The impossible strangeness of reality, the interconnectedness of all things, the resonances that reveal those connections: these are the elements from which an Auster novel is made and from which Auster draws his power. It’s a wonderfully clever manipulation, a perfectly circular argument that says, Truth is stranger than fiction, coincidence rife with meaning. By way of evidence, here’s a completely believable work of fiction in which deeply meaningful coincidences occur.

If the novel speaks to you, you’ll find yourself buying into the worldview, too. Even if you’re skeptical, once you’re tuned to the key of Auster — even temporarily — you can’t help but notice the kinds of things Auster himself might notice. It’s called a “frequency illusion,” and it’s the same thing that happens when you learn a new word for the first time and suddenly hear it everywhere you go. In this case, the frequency illusion is directed at funny little coincidences and resonances (of which, in true Austerian hall-of-mirrors fashion, this very phenomenon is one).

So perhaps you dream about an old friend and run into her unexpectedly the next day. Or perhaps you miss your train and, while awaiting the next one, you see an old man who looks strikingly like your deceased grandfather. It could be anything at all. Under normal circumstances these kinds of things are quickly forgotten. But if you’re tuned to the key of Auster, it feels as though the universe is trying to tell you something.

And when the Auster book you’re reading inevitably becomes the focus of this overactive sense of the uncanny, when you start to unconsciously seek out resonances between the book you’re reading and the life you’re living — this is when it begins to feel as though Paul has written the book for you and you alone. This is when it may suddenly seem plausible that he wrote a book twenty-three years ago just so you could read it, right now, today.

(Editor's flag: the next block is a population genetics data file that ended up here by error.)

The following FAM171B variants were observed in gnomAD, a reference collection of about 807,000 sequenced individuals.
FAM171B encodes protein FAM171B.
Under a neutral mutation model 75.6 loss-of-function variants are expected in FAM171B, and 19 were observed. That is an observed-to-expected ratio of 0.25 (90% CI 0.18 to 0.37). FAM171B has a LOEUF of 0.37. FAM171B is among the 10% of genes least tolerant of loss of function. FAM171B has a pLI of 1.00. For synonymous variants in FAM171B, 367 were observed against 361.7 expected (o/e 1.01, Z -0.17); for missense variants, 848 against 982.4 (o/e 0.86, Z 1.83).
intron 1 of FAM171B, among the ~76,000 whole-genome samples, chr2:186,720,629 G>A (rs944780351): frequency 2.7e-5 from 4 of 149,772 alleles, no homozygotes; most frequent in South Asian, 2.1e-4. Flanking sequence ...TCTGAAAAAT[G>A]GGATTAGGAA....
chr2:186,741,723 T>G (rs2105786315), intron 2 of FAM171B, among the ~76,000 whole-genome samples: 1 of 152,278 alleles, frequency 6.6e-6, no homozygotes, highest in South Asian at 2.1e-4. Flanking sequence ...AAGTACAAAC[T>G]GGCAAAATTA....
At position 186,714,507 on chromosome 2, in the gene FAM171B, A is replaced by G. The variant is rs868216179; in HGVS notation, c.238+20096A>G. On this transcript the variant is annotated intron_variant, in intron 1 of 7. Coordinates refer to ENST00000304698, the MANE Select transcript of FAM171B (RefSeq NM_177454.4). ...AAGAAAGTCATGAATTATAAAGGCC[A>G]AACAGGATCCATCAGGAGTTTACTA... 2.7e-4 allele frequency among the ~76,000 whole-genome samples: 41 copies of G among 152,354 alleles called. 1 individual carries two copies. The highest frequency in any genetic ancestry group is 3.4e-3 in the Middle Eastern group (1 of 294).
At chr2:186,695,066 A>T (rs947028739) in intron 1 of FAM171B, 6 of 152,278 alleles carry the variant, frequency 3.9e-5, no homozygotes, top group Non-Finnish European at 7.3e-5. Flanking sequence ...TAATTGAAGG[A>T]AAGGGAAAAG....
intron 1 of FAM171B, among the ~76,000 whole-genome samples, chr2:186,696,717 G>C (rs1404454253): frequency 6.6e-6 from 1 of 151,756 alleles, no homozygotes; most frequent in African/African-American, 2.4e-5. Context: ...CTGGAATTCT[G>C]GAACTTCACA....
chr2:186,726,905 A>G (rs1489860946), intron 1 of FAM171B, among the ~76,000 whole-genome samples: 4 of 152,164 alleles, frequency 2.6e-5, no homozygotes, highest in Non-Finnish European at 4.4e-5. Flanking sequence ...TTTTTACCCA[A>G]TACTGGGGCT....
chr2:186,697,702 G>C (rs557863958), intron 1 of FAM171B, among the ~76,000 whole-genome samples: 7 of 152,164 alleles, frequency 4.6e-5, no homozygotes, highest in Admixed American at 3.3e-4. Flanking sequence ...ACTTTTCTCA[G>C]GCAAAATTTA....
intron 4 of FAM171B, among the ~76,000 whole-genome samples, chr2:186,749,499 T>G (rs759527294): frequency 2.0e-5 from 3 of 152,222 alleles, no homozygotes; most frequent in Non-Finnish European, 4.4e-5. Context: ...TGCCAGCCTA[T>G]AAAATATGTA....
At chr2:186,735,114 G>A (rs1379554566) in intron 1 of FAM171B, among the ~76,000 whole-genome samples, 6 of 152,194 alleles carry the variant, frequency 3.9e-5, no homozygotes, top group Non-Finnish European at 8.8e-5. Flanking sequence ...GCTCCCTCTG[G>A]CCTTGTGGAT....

The more of his books you read, the stronger the effect grows. Themes, characters, and stories are repeated, enhancing your sense that everything really is connected. The books begin to represent a matrix of thought, a cat’s cradle of rumination, a spider web of sticky associations. You’re stuck in there long after a book ends. And out in the real world, when something eerie calls to mind the dark, complex pattern embedded in the real, it feels as though Paul is whispering in your ear.

People like myself are probably why Auster has Peter say, “Sometimes people turn out to be crazy. They read your book and . . . they imagine that you belong to them, that you’re the only friend they have in the world.”

I want to reassure Mr. Auster: I’m not about to start stealing your mail or rifling through your garbage. I don’t have your face plastered all over a secret room beneath the floorboards. It’s not like that. But when one allows oneself to float freely in the Austerian ether, things tend to get weird. Weird in a way that’s not easy to rationalize. Weirder than fiction, even.

In Leviathan, Sachs comes to assume the identity of a domestic terrorist named the Phantom of Liberty. The Phantom blows up replicas of the Statue of Liberty all over the country and sends political diatribes to newspapers by way of explanation. On April 25th of this year, the day after I finished reading Leviathan, I was driving down the west side of Manhattan. Were it not for a building blocking my view temporarily, I would have had a direct line of sight to the Statue herself at exactly the moment when my local NPR station ran a story that made me laugh in disbelief. The day before, the Statue of Liberty and the island on which she stands had been evacuated. The reason? A bomb scare.

Of course.

Hey, Paul. It’s good to hear from you.